Fatigue surrounding hemodialysis treatments is a common and often debilitating symptom that impacts patients' quality of life. Intra-dialytic fatigue develops or worsens immediately prior to hemodialysis and persists through the dialysis treatment. Little is known about associated risk factors or pathophysiology, although it may relate to a classical conditioning response. Post-dialysis fatigue (PDF) develops or worsens after hemodialysis and may persist for hours. There is no consensus on how to measure PDF. Estimates for the prevalence of PDF range from 20-86%, likely due to variation in methods of ascertainment and participant characteristics. Several hypotheses seek to explain the pathophysiology of PDF, including inflammation, hypothalamic-pituitary-adrenal axis dysregulation, and osmotic and fluid shifts, but none is currently supported by compelling or consistent data. PDF is associated with several clinical factors, including cardiovascular and hemodynamic effects of the dialysis procedure, laboratory abnormalities, depression, and physical inactivity. Clinical trials have reported hypothesis-generating data about the utility of cold dialysate, frequent dialysis, clearance of large middle molecules, treatment of depression, and exercise as potential treatments. Existing studies are often limited by sample size, lack of a control group, observational design, or short intervention duration. Robust studies are needed to establish the pathophysiology and management of this important symptom.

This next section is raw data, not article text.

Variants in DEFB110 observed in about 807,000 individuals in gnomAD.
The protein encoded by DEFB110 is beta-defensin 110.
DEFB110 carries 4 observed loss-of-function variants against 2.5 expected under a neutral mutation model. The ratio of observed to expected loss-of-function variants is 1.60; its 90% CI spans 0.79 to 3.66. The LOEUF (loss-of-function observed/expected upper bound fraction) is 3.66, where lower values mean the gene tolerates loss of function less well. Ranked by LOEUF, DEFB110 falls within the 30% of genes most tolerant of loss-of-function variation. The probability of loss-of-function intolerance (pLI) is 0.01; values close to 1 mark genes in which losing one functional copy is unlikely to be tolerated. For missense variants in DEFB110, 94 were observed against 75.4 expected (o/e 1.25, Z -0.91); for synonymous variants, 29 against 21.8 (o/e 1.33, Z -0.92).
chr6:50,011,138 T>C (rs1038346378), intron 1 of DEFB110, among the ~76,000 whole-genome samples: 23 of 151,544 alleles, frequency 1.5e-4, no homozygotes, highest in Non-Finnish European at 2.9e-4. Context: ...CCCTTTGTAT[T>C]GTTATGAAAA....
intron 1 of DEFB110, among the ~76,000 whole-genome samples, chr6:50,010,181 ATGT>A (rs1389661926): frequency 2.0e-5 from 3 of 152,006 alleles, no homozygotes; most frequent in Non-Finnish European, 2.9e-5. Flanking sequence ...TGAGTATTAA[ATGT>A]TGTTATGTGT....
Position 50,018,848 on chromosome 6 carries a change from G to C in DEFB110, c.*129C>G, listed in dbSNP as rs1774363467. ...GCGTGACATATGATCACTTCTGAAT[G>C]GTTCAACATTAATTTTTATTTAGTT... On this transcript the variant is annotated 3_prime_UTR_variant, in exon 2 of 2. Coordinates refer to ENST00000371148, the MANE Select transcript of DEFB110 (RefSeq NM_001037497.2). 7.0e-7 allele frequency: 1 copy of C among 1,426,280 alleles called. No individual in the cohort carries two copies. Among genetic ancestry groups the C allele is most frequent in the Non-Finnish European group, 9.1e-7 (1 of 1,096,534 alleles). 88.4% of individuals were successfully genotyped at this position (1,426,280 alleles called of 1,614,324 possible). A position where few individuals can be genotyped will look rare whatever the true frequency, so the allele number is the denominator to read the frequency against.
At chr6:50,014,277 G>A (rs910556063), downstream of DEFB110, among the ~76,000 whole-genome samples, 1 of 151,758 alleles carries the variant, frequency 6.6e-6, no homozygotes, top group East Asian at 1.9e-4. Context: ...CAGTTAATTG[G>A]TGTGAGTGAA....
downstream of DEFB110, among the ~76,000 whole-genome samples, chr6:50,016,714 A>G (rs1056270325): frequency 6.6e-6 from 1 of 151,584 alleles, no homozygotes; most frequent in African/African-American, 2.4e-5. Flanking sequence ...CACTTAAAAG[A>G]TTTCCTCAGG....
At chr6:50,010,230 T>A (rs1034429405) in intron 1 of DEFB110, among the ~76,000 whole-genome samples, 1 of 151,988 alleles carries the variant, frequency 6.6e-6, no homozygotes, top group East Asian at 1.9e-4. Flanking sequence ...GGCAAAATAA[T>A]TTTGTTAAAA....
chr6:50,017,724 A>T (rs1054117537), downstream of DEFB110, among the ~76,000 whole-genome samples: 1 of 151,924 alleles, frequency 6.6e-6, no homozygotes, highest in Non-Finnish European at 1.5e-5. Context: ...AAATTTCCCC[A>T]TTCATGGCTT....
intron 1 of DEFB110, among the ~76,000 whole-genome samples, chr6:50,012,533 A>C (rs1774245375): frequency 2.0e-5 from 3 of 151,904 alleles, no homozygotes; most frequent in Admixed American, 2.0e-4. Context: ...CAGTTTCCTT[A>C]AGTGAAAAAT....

Keywords: fatigue; hemodialysis; intra-dialytic fatigue; post-dialysis fatigue.
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